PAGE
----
Sonoma County supervisors Tuesday approved a small addition to the list of county roads targeted for long-term maintenance while signaling support for study of a possible property tax increase to boost road upkeep. Board members cited county budget pressure and flat state road funding as two of the reasons for the makeshift moves and revenue search.
The Sonoma County Board of Supervisors on Tuesday endorsed a plan to increase the network of county roads designated for long-term maintenance by 63 miles, about 5 percent of the 1,382-mile network. Most of the segments are in good shape now, and the aim is to focus long-term maintenance efforts on them to keep them that way.
After six years with the worst road-quality rating in the Bay Area, unincorporated Sonoma County has moved up one step — to second worst out of nine counties and 100 cities in the region. The bump is scant consolation to county officials. “This is a club we really don’t want to be a member of,” Supervisor Mike McGuire says.
UPDATE 7:40 PM: In their third day of budget hearings, the Sonoma County Board of Supervisors Wednesday tentatively agreed to save a number of high-profile programs and jobs that amount to about $8.4 million in extra spending. Among those county services were the Sheriff’s Office helicopter Henry 1 and the Sierra Youth Center, the probation center for girls.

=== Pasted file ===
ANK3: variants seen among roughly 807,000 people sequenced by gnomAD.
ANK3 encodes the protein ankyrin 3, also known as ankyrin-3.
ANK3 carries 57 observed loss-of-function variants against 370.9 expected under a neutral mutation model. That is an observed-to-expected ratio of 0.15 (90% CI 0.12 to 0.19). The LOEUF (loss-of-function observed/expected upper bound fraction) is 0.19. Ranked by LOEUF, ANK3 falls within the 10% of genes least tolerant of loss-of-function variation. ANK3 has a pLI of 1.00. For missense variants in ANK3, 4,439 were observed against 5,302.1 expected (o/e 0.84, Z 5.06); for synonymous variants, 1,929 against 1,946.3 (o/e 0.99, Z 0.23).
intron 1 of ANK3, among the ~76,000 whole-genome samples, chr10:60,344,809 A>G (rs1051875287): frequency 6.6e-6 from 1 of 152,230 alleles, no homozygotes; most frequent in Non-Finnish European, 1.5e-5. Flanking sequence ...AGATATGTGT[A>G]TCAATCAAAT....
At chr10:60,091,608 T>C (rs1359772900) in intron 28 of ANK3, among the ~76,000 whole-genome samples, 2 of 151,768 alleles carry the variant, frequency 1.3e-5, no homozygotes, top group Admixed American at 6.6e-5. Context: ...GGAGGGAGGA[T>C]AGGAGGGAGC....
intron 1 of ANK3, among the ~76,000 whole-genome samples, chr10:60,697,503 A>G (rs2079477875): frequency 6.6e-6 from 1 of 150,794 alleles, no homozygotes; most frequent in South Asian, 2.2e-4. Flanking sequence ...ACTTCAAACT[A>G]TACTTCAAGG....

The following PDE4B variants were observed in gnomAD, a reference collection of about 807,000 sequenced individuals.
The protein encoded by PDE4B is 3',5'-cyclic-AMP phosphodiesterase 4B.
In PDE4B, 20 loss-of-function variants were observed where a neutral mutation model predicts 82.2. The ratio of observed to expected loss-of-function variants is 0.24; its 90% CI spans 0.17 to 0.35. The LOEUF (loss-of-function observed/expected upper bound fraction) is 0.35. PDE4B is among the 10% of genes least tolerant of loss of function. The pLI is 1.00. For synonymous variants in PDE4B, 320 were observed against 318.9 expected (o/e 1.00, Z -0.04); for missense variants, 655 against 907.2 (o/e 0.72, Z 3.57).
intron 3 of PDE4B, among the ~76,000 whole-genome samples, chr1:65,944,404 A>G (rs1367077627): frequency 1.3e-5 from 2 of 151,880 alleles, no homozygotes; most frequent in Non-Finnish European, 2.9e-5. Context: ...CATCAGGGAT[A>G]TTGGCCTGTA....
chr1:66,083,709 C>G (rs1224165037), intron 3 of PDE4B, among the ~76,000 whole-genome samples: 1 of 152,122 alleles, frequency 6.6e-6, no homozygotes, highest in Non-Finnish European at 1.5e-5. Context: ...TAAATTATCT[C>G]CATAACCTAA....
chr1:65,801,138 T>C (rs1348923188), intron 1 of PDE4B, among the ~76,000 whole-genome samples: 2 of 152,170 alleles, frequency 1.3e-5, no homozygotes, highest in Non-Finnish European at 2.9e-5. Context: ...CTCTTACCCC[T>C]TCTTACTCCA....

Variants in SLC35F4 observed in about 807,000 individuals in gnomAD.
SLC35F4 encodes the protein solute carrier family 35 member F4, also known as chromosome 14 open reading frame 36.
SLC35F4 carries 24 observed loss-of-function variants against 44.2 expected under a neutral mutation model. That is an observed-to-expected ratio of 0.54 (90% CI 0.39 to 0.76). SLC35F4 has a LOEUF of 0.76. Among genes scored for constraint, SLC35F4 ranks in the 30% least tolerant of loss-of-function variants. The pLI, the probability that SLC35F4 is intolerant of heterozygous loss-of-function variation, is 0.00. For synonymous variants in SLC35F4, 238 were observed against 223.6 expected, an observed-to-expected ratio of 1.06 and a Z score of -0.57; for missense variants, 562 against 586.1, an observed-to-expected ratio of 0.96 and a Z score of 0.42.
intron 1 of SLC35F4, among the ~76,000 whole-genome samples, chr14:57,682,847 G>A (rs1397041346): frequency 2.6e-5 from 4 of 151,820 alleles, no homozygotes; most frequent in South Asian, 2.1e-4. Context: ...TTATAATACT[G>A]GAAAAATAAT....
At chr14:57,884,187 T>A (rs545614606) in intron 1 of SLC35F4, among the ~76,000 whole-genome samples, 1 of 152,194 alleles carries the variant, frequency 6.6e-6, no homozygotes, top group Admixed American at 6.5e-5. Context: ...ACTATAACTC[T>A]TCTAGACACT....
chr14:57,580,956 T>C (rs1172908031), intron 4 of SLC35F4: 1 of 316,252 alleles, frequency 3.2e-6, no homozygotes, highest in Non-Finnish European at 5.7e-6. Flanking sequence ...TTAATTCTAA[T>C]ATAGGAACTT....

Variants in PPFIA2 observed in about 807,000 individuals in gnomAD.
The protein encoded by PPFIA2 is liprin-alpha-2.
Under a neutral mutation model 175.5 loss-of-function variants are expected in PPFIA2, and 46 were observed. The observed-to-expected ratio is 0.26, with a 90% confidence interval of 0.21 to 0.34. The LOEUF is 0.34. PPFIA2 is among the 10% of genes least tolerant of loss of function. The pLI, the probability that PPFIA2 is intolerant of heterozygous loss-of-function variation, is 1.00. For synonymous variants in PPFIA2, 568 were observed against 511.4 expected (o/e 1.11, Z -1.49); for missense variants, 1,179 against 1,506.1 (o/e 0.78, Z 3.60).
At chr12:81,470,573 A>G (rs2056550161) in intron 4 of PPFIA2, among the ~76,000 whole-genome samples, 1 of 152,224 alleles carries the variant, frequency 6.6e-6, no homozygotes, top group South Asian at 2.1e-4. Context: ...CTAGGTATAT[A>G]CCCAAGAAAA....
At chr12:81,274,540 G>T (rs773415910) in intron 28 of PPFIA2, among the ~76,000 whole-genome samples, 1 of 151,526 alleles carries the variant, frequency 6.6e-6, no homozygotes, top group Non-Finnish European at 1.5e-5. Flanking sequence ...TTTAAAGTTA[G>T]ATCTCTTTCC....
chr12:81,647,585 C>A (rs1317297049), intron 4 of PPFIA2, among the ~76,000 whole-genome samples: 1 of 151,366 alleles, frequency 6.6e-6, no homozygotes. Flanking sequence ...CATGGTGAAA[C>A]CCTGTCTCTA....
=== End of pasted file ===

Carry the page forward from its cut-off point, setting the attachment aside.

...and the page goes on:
The Sonoma County Board of Supervisors gave a chilly reception Tuesday to a proposal to cease all maintenance on 100 miles of rural roads. They want to see alternatives when they reconvene budget hearings on Wednesday. Check out the proposed hit list.
On Tuesday, the Board of Supervisors will consider stopping maintenance on some rural roads to save an estimated $843,000 a year in manpower and material, though at the risk of significant inconvenience to some.
There have been plenty of potholes of late on Sonoma County roads. Through April, county crews have poured asphalt patches into an estimated 81,175 potholes, 12 percent more than the same period last year. Prolonged periods of wintery weather haven’t helped.
Failing roads are a concern for rural residents, ranchers and grape growers in Sonoma County, which has the largest network of rural roads in the Bay Area. They are dismayed by the county’s plan to allow more than 1,200 miles of roads to deteriorate. “This is ridiculous. We are not a third-world country,” said Chris Hanlin, who lives on Sonoma Mountain. Part of the county’s predicament stems from the formula used to distribute gas tax revenues.
Measure W would increase the vehicle license fee by $10 in Sonoma County. Supporters say it would provide much-needed money to fill pot holes, build bicycle and pedestrian safety projects and support local bus service. Opponents say it would impose a permanent tax to deal with a temporary revenue problem. Check out the arguments on both sides. What do you think?
The proposed hike in vehicle registration fees for Sonoma County residents is intended to make up for cuts in state funding. The transit board approved the ballot measure on a divided vote.